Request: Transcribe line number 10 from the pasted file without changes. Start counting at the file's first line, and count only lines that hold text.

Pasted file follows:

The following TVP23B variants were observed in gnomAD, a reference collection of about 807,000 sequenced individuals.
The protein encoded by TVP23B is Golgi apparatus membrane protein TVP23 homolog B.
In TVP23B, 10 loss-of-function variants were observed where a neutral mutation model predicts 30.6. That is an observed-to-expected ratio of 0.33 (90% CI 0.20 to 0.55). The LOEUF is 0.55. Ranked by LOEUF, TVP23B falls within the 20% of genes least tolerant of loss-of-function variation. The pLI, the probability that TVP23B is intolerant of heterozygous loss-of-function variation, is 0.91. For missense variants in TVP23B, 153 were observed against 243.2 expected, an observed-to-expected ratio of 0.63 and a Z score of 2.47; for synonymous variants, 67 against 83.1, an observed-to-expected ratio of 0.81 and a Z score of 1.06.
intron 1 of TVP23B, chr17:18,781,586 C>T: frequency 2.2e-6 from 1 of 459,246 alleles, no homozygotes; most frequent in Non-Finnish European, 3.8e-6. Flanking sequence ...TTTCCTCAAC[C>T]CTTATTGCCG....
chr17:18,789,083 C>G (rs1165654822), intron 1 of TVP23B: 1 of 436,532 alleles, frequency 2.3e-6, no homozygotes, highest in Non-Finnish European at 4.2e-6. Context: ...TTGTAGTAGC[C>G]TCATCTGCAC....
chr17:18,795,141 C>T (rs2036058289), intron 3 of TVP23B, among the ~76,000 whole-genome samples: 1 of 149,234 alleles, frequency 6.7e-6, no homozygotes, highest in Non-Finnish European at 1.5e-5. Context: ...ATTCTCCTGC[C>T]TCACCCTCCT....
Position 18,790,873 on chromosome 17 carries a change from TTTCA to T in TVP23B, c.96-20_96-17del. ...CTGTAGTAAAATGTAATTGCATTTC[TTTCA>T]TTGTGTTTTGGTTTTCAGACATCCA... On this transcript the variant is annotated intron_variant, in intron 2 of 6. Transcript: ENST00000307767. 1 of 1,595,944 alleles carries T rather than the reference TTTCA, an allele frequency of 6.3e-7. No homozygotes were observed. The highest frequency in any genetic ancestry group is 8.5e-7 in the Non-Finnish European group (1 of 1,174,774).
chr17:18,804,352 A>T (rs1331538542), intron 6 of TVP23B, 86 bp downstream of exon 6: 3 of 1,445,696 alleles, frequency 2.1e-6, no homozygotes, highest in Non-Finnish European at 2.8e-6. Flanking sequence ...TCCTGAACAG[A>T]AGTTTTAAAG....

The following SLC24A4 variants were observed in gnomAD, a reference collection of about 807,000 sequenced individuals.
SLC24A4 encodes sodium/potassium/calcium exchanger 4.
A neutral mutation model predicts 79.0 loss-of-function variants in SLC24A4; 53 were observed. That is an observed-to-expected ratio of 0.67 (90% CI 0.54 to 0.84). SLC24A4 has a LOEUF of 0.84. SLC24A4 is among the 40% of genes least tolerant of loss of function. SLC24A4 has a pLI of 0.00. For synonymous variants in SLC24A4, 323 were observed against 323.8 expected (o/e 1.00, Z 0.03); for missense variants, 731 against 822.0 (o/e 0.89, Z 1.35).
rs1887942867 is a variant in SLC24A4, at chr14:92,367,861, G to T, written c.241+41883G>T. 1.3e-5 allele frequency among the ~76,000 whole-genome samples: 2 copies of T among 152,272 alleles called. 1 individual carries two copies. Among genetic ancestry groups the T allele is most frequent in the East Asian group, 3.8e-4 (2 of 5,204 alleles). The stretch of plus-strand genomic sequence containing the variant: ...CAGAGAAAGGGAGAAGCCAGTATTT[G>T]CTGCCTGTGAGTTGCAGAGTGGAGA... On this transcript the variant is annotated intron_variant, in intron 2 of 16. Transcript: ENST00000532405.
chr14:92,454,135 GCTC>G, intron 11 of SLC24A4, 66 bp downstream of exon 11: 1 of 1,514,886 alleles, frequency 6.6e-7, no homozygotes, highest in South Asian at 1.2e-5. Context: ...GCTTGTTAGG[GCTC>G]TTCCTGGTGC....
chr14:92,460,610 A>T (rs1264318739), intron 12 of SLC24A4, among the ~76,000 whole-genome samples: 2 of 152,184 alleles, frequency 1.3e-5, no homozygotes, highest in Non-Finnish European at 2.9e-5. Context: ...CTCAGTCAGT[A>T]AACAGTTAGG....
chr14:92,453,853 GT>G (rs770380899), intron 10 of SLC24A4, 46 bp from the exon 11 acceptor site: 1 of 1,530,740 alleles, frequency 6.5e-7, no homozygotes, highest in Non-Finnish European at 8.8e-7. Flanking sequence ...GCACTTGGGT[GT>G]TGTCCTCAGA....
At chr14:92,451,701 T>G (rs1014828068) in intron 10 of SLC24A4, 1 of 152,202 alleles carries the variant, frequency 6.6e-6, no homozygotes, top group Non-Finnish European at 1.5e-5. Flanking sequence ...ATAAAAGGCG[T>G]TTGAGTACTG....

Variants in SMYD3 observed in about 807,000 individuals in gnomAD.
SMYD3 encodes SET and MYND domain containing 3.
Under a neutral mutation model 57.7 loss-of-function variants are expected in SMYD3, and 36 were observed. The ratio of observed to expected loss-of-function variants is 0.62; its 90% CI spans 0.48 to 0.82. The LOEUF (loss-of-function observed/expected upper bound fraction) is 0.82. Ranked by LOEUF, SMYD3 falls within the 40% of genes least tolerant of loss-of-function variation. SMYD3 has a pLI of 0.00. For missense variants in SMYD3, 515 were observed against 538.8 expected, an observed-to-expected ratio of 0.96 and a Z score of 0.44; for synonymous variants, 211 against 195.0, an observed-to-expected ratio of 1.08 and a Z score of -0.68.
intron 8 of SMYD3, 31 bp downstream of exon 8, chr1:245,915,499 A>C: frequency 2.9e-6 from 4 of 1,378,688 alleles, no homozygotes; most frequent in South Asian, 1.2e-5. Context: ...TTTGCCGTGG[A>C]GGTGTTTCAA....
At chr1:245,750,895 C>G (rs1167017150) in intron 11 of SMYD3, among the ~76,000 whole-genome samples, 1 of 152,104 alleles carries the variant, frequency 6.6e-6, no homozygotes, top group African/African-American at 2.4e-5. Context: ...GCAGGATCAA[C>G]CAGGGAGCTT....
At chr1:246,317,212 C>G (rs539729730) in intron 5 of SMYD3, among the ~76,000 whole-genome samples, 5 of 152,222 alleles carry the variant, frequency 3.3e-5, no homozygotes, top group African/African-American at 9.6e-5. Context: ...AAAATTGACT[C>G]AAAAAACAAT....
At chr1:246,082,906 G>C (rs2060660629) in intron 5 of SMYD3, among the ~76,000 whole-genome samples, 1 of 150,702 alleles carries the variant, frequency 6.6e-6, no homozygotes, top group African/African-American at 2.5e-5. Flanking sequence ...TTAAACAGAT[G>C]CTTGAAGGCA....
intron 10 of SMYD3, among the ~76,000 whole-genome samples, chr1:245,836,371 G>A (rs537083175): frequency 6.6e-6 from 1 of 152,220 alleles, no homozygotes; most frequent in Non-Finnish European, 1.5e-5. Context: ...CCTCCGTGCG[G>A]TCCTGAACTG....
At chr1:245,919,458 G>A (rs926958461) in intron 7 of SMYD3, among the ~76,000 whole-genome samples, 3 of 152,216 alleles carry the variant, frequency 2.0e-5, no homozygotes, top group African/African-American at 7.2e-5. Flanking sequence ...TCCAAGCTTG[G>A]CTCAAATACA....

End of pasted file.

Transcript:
SLC24A4 encodes sodium/potassium/calcium exchanger 4.